It’s likely you have solids build-up if you have water or fluid in your process system. Solids build-up can cause trouble in the production process. Having a basic knowledge about particle size measurement, total suspended solids, fluid types, and filtration screen basics is helpful when determining the correct filtration system to implement or when troubleshooting a challenging system.
Particle Size Measurement
Challenges determining particle size in the filtration process of a paper mill are very real. For example, a felt hair, an item commonly found in the papermaking process, has a length significantly longer than the diameter. Agglomerate material that is hard and has a more uniform shape, unlike felt hair, is typically much simpler to remove compared to felt hair or paper fiber. Understanding units of measure and particle size definitions can provide insight into the best way to filter each of these elements.
Within the field of filtration, there are three different units of measure to consider when determining particle size (and screen efficiencies). The most common unit of measure is the micron. The second is inches. The third and the most mysterious is mesh size. Mesh size refers to the number of openings per linear inch of a screen and is less accurate than micron or inches.
Particle size can be defined three ways. The first is suspended solids which is matter with a size greater than one micron. The second most common definition is dissolved solids. A dissolved solid has a micron size less than one. The third definition, colloidal material, is a subset of a dissolved solid and has a measurement between 0.01 and 1 micron.
Total Suspended Solids (TSS)
TSS refers to the quantity of removable solids in a liquid that can be trapped by a filter. TSS is measured by parts per million (PPM), milligrams per liter (Mg/l), or pounds per 1,000 gallons. Some paper mills refer to nephelometric turbidity unit (NTU) which is the measure of the cloudiness of a liquid, but has no direct correlation to TSS. Typically, paper mills are most concerned with the removable PPM. Anything that can be removed and remain on the filter screen is key.
A variety of water types are found in paper mills including raw or river water which is untreated water from any source and is normally filtered with course screen at mill entry. Fresh or city water has been treated by a municipal or paper mill treatment plant and is typically prefiltered with a sand filter and has less than 50 PPM of suspended solids. Well water is pumped from below the ground with mineral and solid contents that can vary dramatically. White water is removed from the sheet in the papermaking process and is normally from the couch or wire pit and always contains fiber.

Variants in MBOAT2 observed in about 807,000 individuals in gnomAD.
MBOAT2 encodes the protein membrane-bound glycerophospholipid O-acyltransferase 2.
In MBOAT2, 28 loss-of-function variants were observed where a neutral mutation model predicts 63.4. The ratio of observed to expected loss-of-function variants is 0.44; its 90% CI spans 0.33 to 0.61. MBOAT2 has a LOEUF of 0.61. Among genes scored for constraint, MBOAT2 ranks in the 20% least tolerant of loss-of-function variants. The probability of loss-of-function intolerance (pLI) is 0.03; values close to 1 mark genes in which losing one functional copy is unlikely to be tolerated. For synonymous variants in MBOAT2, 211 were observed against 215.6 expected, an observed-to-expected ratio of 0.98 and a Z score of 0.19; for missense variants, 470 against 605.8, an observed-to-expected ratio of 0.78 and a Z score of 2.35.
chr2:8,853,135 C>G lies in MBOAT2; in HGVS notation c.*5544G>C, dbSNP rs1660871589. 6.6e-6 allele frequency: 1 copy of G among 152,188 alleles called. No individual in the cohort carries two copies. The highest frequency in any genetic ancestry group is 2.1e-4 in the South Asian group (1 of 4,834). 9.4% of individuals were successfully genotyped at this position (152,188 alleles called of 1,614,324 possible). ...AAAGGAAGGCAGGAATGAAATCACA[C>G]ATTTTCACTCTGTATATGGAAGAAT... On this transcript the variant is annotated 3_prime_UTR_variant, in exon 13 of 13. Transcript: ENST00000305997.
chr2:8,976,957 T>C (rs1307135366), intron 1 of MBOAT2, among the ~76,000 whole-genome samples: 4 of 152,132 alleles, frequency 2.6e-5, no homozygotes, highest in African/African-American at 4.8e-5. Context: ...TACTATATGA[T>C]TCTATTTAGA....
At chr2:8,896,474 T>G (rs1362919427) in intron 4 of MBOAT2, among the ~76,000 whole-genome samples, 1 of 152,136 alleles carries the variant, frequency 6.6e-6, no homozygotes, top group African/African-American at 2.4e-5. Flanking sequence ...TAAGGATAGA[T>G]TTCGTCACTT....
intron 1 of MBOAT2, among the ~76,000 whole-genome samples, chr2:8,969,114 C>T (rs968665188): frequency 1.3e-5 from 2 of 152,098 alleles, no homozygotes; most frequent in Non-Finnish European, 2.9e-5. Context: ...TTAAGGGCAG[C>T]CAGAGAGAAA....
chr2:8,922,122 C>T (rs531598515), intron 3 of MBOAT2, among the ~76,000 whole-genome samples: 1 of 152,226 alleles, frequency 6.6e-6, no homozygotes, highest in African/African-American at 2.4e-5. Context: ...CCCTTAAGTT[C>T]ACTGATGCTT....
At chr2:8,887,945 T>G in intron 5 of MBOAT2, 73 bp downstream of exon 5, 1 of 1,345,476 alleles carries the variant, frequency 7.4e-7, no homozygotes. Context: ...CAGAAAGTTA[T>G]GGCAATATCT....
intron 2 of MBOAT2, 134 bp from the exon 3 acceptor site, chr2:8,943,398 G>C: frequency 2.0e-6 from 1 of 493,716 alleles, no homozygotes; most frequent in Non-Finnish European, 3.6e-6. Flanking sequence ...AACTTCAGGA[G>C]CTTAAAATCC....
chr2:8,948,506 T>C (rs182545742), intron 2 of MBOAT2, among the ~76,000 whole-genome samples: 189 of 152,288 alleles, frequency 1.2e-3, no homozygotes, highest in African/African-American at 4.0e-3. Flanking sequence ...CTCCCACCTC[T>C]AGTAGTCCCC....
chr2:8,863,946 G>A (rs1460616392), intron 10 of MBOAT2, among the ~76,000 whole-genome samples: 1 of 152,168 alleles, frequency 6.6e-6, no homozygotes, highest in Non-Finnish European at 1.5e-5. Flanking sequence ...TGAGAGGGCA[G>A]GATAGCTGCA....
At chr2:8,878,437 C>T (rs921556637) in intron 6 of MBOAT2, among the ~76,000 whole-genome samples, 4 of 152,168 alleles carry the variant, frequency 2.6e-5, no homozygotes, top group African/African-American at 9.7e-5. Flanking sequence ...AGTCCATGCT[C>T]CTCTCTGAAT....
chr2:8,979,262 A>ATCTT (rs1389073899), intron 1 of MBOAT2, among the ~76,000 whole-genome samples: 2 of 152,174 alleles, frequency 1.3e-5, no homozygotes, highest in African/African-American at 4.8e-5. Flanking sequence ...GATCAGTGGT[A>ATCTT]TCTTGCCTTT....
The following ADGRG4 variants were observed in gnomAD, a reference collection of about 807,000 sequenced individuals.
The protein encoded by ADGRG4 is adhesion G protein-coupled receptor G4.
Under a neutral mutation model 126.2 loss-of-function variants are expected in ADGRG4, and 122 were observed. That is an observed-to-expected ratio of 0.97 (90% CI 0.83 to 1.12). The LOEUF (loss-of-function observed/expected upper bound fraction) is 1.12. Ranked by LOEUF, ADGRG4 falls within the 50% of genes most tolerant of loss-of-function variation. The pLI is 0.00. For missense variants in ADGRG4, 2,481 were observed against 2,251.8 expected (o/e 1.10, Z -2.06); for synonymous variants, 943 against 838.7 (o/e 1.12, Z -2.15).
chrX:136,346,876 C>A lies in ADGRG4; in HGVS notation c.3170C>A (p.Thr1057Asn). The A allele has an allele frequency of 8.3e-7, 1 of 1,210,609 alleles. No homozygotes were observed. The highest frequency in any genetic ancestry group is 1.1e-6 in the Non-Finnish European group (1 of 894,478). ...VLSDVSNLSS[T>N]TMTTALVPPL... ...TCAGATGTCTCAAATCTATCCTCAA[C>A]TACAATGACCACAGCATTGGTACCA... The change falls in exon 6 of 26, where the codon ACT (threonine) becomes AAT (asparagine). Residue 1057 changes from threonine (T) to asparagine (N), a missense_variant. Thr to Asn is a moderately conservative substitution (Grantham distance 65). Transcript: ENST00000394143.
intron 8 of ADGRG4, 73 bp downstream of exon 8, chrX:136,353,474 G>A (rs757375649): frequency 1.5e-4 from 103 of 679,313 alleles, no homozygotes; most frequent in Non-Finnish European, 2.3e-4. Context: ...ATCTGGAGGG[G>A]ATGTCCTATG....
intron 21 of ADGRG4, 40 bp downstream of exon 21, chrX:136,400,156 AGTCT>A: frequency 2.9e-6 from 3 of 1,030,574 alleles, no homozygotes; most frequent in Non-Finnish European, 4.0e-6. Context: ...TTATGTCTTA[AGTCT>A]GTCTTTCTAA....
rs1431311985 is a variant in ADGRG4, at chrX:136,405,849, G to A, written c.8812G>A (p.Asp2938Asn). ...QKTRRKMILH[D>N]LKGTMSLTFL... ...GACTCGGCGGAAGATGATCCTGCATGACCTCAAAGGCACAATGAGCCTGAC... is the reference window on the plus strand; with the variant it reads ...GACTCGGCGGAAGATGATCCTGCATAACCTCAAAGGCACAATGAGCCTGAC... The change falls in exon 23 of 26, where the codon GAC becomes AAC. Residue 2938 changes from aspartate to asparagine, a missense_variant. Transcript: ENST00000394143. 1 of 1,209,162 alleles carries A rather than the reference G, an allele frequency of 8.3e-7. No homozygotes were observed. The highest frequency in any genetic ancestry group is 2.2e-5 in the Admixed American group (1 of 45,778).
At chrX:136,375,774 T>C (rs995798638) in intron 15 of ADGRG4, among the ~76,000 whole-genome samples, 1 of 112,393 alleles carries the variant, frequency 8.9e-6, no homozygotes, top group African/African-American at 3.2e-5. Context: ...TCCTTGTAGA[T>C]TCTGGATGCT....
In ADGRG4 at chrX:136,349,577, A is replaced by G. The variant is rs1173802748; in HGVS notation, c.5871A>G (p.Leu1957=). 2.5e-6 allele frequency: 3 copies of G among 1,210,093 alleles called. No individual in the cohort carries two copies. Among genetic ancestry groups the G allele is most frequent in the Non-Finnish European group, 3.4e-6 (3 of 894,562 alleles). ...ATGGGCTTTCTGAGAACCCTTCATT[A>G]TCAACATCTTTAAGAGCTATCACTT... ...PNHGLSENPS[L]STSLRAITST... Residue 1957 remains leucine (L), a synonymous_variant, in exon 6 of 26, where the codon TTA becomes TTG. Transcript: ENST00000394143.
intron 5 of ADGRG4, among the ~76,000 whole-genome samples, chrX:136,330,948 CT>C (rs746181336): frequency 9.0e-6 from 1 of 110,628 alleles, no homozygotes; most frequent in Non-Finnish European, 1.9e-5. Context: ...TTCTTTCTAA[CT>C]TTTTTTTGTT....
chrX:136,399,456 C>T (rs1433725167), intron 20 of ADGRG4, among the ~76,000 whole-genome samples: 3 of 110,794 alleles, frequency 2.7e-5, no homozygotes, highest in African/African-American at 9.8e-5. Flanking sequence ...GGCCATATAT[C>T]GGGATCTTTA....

Filter media ratings are not straight forward. For example, if you buy a 100-micron filter screen it means the screen will filter particles 100 micron or greater, correct? No, this is not the case unless the filter screen is rated absolute. Most screens on the market have a nominal rating. A nominal rating is the weight per unit volume of particle of a given size upstream of a media divided by the weight of the particles of the same size downstream and expressed as a percent. It’s important to test the screen for your application.
Two different screen classifications apply to filter types: depth filter and surface filter. In a depth filter, the fluid takes a longer path through the filter before exiting. Depth filters work by direct interception of particles and absorption. Typically, this filter has a larger holding capacity and a higher initial resistance to flow.
A surface filter captures particles larger than the pore size of the media. Dirt is trapped on the upstream side of the screen with the holding capacity limited by the number of media pores. Although the surface filter requires more frequent regeneration, the filter is easy to clean relative to a depth filter. When seeking to extend the time between cleaning or back-flushing a surface filter, take into consideration the difference between the open area and the surface area. The amount of time before a filter needs to be cleaned or back-flushed is directly influenced by the open area of the screen.
For more information about liquid filtration watch the webinar, Fluid Filtration 101 – How Can You Optimize Your Process?